For both WNV and SINV in S2 cells, our findings are consistent with small RNA processing by the exogenous siRNA pathway as seen in infected mosquitoes , . On the other hand, the increased positive-sense RNA targeting in C6/36 cells suggests that an alternate mechanism may be acting upon viral RNAs. A deep sequencing sRNA dataset was generated from WNV infected DF-1 chicken cells. Upon comparison of the WNV derived sRNAs to the C6/36 cell WNV viRNAs, it was determined that the intensity of viRNA targeting of each nucleotide of the genome was significantly correlated (Spearman r=0.8882; p<0.0001) (data not shown). However, no correlation was observed between the S2 samples and the C6/36 (p=0.3126) or DF-1 (p=0.8467) samples. Since the role of RNAi in vertebrate cellular innate immunity is currently unclear and mRNA turnover pathways are conserved among metazoans, including C6/36 cells, we propose that the WNV derived sRNA populations from C6/36 cells are most likely degradation products or virus-derived piRNAs , , –. Further, in SINV infected C6/36 cells, the region 3′ to the subgenomic promoter on the positive-sense vRNA was intensely targeted. Were this region highly susceptible to RNAi targeting, then a similar topography would have been observed in S2 cells and Ae. aegypti, but this was not the case (Figure 3) . A more likely explanation is that the highly abundant subgenomic transcripts were not targeted by RNAi, but rather by RNA degradation pathways or the piRNA pathway . Together these results suggest that arboviruses are targeted by the antiviral exogenous siRNA pathway in Drosophila S2 cells, but not C6/36 mosquito cells.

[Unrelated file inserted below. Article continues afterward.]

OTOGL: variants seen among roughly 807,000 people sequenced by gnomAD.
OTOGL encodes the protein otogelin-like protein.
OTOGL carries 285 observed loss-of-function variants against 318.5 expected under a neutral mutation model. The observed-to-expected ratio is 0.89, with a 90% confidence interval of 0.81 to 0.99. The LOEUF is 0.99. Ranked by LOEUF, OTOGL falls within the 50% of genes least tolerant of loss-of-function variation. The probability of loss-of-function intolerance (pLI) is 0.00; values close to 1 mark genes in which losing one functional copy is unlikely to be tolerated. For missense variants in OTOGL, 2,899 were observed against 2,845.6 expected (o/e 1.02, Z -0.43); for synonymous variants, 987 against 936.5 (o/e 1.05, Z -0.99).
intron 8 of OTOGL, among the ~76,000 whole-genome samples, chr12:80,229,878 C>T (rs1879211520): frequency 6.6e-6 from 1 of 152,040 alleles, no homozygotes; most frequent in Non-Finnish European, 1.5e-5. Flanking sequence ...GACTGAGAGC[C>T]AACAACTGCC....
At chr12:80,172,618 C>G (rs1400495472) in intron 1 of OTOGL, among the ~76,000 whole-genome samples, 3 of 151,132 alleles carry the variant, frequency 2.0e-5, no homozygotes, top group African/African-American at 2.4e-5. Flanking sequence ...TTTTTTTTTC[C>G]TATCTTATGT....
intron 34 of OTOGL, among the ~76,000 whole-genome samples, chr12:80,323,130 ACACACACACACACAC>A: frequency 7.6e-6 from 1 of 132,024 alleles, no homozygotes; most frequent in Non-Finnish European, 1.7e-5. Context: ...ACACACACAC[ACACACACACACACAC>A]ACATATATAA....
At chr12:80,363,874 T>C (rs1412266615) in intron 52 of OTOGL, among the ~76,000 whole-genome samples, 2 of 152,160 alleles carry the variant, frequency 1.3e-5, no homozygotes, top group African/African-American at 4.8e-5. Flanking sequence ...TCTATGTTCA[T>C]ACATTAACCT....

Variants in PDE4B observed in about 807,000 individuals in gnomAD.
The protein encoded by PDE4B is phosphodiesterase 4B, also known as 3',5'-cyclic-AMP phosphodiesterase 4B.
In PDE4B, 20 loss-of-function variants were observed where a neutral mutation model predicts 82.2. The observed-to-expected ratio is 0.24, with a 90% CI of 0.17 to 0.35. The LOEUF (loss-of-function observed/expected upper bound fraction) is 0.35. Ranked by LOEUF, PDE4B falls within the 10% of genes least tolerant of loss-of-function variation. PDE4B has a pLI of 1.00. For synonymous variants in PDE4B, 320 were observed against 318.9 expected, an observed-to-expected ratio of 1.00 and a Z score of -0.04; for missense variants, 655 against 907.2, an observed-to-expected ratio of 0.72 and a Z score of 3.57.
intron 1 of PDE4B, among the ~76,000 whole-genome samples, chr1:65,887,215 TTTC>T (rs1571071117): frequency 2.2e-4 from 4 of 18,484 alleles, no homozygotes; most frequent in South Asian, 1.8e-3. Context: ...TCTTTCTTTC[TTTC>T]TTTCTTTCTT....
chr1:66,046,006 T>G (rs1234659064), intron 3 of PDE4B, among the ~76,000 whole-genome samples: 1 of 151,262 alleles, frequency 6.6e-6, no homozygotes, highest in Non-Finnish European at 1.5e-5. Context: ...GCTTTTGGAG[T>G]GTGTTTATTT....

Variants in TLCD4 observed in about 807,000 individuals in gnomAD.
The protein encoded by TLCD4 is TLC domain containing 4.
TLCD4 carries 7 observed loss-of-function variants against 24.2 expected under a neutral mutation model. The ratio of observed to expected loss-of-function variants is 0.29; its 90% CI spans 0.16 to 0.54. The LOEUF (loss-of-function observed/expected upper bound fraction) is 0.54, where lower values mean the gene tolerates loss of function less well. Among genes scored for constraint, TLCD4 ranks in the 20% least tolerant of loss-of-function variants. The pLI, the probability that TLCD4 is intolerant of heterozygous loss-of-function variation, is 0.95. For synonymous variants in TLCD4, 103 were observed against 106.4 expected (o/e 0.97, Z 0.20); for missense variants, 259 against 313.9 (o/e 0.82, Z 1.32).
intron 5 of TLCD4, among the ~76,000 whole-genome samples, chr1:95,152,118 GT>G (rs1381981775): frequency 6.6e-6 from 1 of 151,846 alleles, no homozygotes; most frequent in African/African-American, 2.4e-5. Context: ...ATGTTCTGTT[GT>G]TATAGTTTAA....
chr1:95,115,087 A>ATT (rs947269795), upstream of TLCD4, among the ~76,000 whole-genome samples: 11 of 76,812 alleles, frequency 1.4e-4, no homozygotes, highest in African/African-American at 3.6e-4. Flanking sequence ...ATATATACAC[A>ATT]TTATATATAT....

The results presented in this study demonstrate that in C6/36 cells, the absence of typical siRNAs, the hallmark of RNAi mediated antiviral immunity, is not limited to WNV and is evident in infections by other diverse arboviruses, such as SINV and LACV. There are multiple steps within the antiviral RNAi response that may be responsible for the observed dysfunction. However, a recent study suggests that it may be related to lack of Dcr2 activity. Studies with cell-free lysates of C6/36 cells revealed that they are unable to process 500 bp dsRNA into 21-mers; however, complementation of C6/36 cell lysates with recombinant human Dcr restored normal dsRNA processing and the presence of detectable 21-mers . Further, when C6/36 cells were co-transfected with an EGFP expression plasmid and either EGFP siRNA or EGFP long dsRNA only the siRNA was able to suppress EGFP expression (J Scott et. al., submitted). These combined with our results suggest that the observed dysfunction is indeed related to lack of dicing activity and more precisely Dcr2 itself. These findings suggest that C6/36 cells may fail to accurately model important aspects of mosquito-arbovirus interactions.